2020 Biopolymer

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Academic unit or major
Undergraduate major in Chemical Science and Engineering
Sawada Toshiki 
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Course description and aims

This course enables student to acquire fundamental knowledge on structure, properties, and functions of biopolymers such as proteins, nucleic acids, and related substances, the physicochemical understanding of which are deepened by learning some related polymer science at the same time. Intra- and intermolecular interactions of biopolymers in aqueous systems (electrostatic, hydrogen-bonded, and van der Waals interactions, and hydrophobic effects) are first taken in the class to prepare a firm ground to understand the bio-polymeric system. As for the polymer science topics which are used as subsidiary matters, the higher-order structural formation of polypeptides is paired wit proteins, ordered assembly of polyelectrolytes with nucleic acids, hydrogel formation with polysaccharides, and membrane transport with lipids.
It has been mankind dream to mimic the excellent functional performance of biopolymers in vivo by synthetic polymer systems. Recently, it has been partly realized by development of “biomimetic” or “bioinspired” materials, nevertheless it is still extraordinarily challenging matter. In the course toward the relevant advances area of students who studied fundamental polymer science, they could obtain many valuables from the biopolymers. Students in this course should comprehend that the remarkable functionalities of biopolymers never emerge in vacuo but are effected via interactions with small molecules such water and lipids.

Student learning outcomes

By the end of this course, students will be able to:
1) Explain variation and structure of components of proteins, nucleic acids, and polysaccharides.
2) Explain how the intra- and intermolecular interactions are involved with the structure and functional performance of proteins, nucleic acids, and polysaccharides.
3) Explain variation and structure of lipids and properties of bilayer membrane.
4) Explain variation and properties of enzymes and the reaction mechanisms.


electrostatic interaction, hydrogen bond, van der Waals interaction, hydrophobic effect, higher order structure, ordered assembly, hydrogel formation, Michaelis-Menten mechanism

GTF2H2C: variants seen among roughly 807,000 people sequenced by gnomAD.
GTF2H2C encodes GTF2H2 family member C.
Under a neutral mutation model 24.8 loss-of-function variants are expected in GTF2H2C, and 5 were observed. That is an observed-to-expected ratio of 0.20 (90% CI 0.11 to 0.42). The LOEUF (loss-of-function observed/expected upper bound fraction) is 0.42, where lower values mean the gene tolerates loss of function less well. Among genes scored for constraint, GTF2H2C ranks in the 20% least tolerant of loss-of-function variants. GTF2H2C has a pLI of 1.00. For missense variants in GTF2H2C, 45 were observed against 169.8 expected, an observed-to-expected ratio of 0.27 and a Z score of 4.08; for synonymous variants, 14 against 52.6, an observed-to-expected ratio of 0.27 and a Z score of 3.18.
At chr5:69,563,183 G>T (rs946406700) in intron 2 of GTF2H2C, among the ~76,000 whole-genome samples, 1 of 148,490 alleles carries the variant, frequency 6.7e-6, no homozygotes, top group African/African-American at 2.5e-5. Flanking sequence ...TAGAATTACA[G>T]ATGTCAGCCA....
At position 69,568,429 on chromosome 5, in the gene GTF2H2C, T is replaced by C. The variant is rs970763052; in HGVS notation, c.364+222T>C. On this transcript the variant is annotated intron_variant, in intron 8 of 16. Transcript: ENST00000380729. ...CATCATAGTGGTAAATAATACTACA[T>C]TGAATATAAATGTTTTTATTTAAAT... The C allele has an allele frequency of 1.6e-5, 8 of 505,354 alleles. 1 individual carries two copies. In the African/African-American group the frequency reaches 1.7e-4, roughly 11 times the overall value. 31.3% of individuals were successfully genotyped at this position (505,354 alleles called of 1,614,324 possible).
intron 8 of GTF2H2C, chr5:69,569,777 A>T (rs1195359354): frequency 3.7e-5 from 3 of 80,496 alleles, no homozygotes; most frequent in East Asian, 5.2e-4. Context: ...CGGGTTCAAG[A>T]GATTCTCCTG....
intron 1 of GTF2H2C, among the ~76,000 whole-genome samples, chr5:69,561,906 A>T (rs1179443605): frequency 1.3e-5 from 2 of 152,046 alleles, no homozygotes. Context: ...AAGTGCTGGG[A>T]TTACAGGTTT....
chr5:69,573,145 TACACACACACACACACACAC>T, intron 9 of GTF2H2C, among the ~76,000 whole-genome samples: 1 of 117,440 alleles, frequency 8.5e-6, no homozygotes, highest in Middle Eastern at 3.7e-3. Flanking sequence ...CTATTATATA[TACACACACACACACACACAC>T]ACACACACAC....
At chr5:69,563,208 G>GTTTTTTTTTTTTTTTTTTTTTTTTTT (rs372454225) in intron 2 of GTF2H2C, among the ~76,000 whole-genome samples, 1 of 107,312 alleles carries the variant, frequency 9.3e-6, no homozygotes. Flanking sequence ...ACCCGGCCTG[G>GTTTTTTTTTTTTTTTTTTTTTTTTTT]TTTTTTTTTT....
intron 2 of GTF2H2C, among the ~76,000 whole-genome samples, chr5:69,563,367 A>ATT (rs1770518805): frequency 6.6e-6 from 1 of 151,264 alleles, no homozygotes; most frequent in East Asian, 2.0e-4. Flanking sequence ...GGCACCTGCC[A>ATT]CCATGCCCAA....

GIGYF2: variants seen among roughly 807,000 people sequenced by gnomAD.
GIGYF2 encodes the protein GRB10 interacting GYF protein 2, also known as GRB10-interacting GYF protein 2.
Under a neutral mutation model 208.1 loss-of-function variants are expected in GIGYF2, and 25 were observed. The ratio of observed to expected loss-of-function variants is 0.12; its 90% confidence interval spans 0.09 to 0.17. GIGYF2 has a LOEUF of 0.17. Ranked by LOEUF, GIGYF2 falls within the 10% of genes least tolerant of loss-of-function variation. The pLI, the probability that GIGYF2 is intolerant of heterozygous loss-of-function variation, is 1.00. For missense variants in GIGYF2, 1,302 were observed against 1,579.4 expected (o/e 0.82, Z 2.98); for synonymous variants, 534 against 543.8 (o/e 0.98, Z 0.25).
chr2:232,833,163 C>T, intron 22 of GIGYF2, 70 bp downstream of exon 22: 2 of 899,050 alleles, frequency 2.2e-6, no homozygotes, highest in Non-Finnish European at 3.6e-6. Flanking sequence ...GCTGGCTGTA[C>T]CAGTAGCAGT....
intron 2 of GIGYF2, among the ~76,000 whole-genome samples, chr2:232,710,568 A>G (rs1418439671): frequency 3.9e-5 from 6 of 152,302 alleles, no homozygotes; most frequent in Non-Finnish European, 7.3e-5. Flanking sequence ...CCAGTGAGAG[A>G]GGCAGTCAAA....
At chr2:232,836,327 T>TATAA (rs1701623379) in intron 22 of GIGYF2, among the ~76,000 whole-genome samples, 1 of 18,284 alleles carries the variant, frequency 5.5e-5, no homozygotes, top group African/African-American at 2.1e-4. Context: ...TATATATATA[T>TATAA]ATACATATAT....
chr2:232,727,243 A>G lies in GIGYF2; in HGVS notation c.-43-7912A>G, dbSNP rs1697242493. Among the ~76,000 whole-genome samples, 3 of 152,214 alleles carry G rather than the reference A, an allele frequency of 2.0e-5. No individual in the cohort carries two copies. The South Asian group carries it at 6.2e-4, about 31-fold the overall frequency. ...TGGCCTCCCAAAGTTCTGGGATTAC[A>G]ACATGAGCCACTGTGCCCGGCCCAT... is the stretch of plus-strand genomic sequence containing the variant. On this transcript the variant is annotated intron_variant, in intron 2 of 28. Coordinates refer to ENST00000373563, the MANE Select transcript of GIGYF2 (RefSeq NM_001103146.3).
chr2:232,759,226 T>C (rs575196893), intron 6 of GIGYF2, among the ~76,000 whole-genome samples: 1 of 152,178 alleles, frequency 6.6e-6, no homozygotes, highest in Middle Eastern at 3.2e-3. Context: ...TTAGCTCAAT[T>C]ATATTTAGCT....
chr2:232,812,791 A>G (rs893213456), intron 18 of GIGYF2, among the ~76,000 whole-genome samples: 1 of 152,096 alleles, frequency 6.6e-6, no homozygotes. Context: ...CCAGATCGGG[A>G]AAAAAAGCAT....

Competencies that will be developed

Specialist skills Intercultural skills Communication skills Critical thinking skills Practical and/or problem-solving skills

Class flow

Each class is conducted by using relevant materials which are available from OCW-i. A 15 or 20 minutes exam and the explanation will be given at the middle of each class. At the beginning of the next class, further explanations may be added depending on the students’ understanding.

Course schedule/Required learning

  Course schedule Required learning
Class 1 Interactions of biopolymers in an aqueous phase Explain the intermolecular interactions in an aqueous phase
Class 2 Amino acids and (poly)peptides Explain the relation between the amino acid structures and conformational structures of (poly)peptides in terms of the relevant interactions.
Class 3 Three-dimensional structures and functions of proteins Explain functional expression of proteins based on their three-dimensional structures
Class 4 Nucleic acids and their structural stabilization based on duplex formation Explain interactions contributed to stabilization of the duplex formation.
Class 5 Functional properties of polysaccharides based on their structural diversities and molecular assembly of lipids based on their amphophilic properties Explain how the structure and function of polysaccharides are derived from varieties of monosaccharides and the intermolecular interactions, and the variation and determination factors for the assembly of lipids.
Class 6 Enzymes -Molecular recognition-based selective chemical reactions- Explain the variation, the determinant factors for the assembly, Explain the variation of enzymes, the mechanisms of catalytic and inhibitory reactions, and polymerization mechanisms for biopolymers.and the membrane transport mechanisms.
Class 7 Final exercise and term-end test Total understanding of biopolymers on the basis of intermolecular interactions

Out-of-Class Study Time (Preparation and Review)

To enhance effective learning, students are encouraged to spend approximately 100 minutes preparing for class and another 100 minutes reviewing class content afterwards (including assignments) for each class.
They should do so by referring to textbooks and other course material.


John E. McMurry Organic Chemistry 8th edition ISBN-13: 978-0840054449 John E. McMurry Organic Chemistry 9th edition ISBN-13:

Reference books, course materials, etc.

Those reference materials are available at OCW-i.

Assessment criteria and methods

Students' knowledge on the fundamental structures and properties of biomolecules, and the relation with the various interactions are assessed. 15 minutes exams (20%) + final exam (80%)

Related courses

  • Every kinds of physical chemistry and polymer science

Prerequisites (i.e., required knowledge, skills, courses, etc.)

It is desirable that students have taken the following classes; Physical Chemistry I - III, Polymer Physics I - IV, Polymer Chemistry I -IV, Advanced Polymer Science I,II.

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